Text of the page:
Know the Customer’s Value Proposition – 2/12/19


I’ve written about how it’s important to build up your co-workers when talking to customers. When the nurse is getting ready to send the patient down to radiology, she lets the patient know what great work and great care that the radiology tech provides. When the teller contacts a financial advisor to arrange a meeting with a customer, the teller notes how his co-worker has helped many other customers with a similar need. When the pro sports sales representative hands off a new account to their service specialist, he notes how responsive the service rep is to his clients.

While these are all great examples on how to build up a co-worker in the mind of a customer, it’s even more important at times to have that same positive talk about the customer themselves.

Customers want to feel valued, like their purchase decisions and their dollars are important to the organization. Even more than that, they want to feel like they themselves are important to you and your company. You obviously can do that by providing great customer service. You can also do that by finding ways to tell them how much you value them. Everything I’m about to suggest obviously needs to be done with sincerity, so don’t say it if you don’t believe it:

  • Let the customer know when they’ve asked a great question.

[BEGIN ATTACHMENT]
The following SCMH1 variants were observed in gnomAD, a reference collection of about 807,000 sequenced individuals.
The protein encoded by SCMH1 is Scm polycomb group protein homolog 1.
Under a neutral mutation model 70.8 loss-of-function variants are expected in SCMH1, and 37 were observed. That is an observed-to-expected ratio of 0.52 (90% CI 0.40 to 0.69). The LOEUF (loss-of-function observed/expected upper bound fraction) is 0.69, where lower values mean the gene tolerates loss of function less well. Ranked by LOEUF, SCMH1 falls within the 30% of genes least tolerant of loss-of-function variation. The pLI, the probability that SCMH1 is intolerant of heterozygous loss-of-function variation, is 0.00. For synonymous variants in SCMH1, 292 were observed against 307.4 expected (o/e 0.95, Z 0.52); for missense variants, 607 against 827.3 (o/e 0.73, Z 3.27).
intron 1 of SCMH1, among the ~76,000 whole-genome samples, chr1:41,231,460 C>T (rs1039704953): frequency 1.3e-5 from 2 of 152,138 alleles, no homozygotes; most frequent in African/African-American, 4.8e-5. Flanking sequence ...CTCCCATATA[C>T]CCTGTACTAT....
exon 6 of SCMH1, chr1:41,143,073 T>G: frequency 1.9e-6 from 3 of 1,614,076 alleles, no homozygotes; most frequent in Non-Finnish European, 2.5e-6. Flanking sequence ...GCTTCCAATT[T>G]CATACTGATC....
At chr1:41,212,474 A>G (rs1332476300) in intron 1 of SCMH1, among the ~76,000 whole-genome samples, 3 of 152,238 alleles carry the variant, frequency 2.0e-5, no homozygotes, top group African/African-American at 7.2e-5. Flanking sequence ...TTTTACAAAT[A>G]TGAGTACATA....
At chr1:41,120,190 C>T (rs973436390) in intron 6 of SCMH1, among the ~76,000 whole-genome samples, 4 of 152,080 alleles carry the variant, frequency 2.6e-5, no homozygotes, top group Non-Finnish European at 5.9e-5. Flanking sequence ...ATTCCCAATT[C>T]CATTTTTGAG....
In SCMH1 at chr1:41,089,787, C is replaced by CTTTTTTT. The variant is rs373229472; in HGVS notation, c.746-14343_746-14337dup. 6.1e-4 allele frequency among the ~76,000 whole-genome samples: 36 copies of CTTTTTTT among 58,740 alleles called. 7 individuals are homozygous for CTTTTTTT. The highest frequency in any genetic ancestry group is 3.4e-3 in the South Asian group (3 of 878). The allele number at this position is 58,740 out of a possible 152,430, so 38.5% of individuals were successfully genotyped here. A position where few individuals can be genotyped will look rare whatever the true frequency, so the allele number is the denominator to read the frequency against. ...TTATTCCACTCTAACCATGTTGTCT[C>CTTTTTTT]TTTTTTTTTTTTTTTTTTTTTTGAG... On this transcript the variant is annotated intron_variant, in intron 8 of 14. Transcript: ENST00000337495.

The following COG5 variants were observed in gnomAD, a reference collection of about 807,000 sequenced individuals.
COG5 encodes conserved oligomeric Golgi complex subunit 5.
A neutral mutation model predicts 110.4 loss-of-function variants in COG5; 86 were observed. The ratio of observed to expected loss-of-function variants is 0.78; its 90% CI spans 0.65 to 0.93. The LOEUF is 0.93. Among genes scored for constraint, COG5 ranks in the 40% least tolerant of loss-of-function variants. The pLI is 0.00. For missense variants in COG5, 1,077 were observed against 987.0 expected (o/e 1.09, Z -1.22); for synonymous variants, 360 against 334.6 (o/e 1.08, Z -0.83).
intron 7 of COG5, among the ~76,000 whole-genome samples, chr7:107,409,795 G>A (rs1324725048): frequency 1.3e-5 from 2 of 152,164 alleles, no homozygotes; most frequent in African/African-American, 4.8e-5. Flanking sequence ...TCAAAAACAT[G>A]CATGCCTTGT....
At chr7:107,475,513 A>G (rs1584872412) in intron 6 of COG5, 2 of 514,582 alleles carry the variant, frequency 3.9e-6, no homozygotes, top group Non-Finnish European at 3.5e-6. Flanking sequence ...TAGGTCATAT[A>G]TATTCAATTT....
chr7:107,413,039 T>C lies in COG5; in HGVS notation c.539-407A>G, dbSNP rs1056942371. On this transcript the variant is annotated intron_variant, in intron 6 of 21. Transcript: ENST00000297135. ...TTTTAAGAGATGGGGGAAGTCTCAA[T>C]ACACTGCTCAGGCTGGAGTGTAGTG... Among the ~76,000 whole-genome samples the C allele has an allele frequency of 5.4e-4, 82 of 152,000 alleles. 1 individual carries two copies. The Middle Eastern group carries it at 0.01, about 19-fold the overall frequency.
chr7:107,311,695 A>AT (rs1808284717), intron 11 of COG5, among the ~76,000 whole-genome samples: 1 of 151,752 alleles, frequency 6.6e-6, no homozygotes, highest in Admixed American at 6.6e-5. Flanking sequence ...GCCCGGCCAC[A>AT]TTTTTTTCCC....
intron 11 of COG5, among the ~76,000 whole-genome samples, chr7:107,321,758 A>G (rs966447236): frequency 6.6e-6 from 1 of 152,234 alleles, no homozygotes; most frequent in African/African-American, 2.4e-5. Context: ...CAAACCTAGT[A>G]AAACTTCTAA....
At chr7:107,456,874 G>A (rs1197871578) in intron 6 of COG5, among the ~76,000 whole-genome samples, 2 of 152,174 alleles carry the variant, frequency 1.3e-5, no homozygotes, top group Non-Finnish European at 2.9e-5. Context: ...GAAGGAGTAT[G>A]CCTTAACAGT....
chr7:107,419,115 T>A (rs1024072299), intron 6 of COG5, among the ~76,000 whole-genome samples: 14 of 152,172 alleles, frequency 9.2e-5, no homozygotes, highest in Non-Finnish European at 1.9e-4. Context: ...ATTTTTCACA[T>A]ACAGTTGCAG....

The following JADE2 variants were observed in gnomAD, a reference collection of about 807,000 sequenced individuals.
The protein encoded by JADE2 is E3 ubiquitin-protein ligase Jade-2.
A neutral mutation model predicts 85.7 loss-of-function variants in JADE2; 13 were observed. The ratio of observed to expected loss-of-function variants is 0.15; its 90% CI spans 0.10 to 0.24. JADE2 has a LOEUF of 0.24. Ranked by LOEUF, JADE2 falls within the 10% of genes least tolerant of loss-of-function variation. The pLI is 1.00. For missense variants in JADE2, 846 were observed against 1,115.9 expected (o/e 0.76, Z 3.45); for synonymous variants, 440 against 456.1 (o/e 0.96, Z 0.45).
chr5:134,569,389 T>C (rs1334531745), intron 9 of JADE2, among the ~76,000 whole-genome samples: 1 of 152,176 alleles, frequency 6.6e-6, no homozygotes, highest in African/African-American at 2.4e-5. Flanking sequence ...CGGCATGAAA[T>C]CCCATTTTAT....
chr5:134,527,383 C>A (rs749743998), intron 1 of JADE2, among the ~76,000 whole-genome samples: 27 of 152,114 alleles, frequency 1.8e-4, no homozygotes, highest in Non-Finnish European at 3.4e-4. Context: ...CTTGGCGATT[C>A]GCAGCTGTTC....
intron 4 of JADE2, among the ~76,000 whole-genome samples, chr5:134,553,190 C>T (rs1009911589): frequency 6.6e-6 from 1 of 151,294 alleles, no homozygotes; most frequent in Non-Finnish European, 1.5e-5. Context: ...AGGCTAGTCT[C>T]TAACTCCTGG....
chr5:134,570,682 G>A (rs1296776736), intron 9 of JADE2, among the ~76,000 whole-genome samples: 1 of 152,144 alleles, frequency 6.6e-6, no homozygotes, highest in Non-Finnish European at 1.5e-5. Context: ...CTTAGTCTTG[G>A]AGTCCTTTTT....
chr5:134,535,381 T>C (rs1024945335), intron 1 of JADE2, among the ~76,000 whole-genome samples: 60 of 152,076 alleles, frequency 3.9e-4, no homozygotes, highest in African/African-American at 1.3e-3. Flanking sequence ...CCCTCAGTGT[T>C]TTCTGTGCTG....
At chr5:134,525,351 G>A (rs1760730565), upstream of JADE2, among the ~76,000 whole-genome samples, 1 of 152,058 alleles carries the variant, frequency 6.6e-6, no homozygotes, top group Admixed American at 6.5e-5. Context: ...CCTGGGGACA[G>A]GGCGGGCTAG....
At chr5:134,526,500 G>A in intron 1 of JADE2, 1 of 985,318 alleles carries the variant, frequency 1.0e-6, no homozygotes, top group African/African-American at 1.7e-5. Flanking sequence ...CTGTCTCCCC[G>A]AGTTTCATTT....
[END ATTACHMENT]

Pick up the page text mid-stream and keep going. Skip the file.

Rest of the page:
• Tell them when you agree with the option they selected.
  • Convey appreciation for bringing an issue to your attention so that other customers won’t have to face the same issue.
  • Thank them for coming all the way into your office to chat with you.
  • Thank them for their time and their patience.
  • Ask them for their ideas and their guidance, and then give them credit when you think one of those great ideas will work.
  • When they fill out the paperwork correctly, let them know they did a great job.
  • When they give you thorough answers, let them know you appreciate all the detailed information.
  • When they answer your series of questions to give you the information you need to address their need, thank them for all the responses.

 

Your customers are part of the service process. Their effective and complete participation is valuable to you. Let them know when and how they provide value to the process so that they feel valued by you.

Know the Customer’s Value Proposition.

Signup for FREE Tips!    Contact Us    More Resources for You    Visit Our Home Page

 






Posted on in Customer Service Tip of the Week

Add a Comment

You must be logged in to post a comment.